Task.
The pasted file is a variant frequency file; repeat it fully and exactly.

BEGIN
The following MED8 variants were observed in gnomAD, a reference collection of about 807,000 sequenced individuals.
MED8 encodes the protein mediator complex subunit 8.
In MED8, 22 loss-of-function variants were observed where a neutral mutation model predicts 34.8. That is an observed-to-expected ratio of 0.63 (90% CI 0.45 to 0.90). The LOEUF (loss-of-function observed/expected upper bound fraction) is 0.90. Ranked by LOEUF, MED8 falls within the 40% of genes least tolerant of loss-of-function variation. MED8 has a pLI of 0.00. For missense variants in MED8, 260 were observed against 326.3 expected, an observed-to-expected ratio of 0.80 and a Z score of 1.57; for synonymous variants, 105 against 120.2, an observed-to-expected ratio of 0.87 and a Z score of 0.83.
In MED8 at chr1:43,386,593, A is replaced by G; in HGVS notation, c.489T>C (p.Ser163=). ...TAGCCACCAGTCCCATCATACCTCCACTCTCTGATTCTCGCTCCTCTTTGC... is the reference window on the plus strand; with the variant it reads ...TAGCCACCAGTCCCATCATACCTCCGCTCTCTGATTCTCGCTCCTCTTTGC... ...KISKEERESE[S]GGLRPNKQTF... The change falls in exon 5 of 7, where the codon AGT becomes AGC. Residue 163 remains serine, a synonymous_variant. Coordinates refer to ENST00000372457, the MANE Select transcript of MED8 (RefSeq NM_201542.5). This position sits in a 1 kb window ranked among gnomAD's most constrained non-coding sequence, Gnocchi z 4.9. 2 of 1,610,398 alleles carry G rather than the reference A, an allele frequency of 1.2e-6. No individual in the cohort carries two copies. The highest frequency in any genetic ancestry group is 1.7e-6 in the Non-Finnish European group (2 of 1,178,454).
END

The following MED8 variants were observed in gnomAD, a reference collection of about 807,000 sequenced individuals.
MED8 encodes the protein mediator complex subunit 8.
In MED8, 22 loss-of-function variants were observed where a neutral mutation model predicts 34.8. That is an observed-to-expected ratio of 0.63 (90% CI 0.45 to 0.90). The LOEUF (loss-of-function observed/expected upper bound fraction) is 0.90. Ranked by LOEUF, MED8 falls within the 40% of genes least tolerant of loss-of-function variation. MED8 has a pLI of 0.00. For missense variants in MED8, 260 were observed against 326.3 expected, an observed-to-expected ratio of 0.80 and a Z score of 1.57; for synonymous variants, 105 against 120.2, an observed-to-expected ratio of 0.87 and a Z score of 0.83.
In MED8 at chr1:43,386,593, A is replaced by G; in HGVS notation, c.489T>C (p.Ser163=). ...TAGCCACCAGTCCCATCATACCTCCACTCTCTGATTCTCGCTCCTCTTTGC... is the reference window on the plus strand; with the variant it reads ...TAGCCACCAGTCCCATCATACCTCCGCTCTCTGATTCTCGCTCCTCTTTGC... ...KISKEERESE[S]GGLRPNKQTF... The change falls in exon 5 of 7, where the codon AGT becomes AGC. Residue 163 remains serine, a synonymous_variant. Coordinates refer to ENST00000372457, the MANE Select transcript of MED8 (RefSeq NM_201542.5). This position sits in a 1 kb window ranked among gnomAD's most constrained non-coding sequence, Gnocchi z 4.9. 2 of 1,610,398 alleles carry G rather than the reference A, an allele frequency of 1.2e-6. No individual in the cohort carries two copies. The highest frequency in any genetic ancestry group is 1.7e-6 in the Non-Finnish European group (2 of 1,178,454).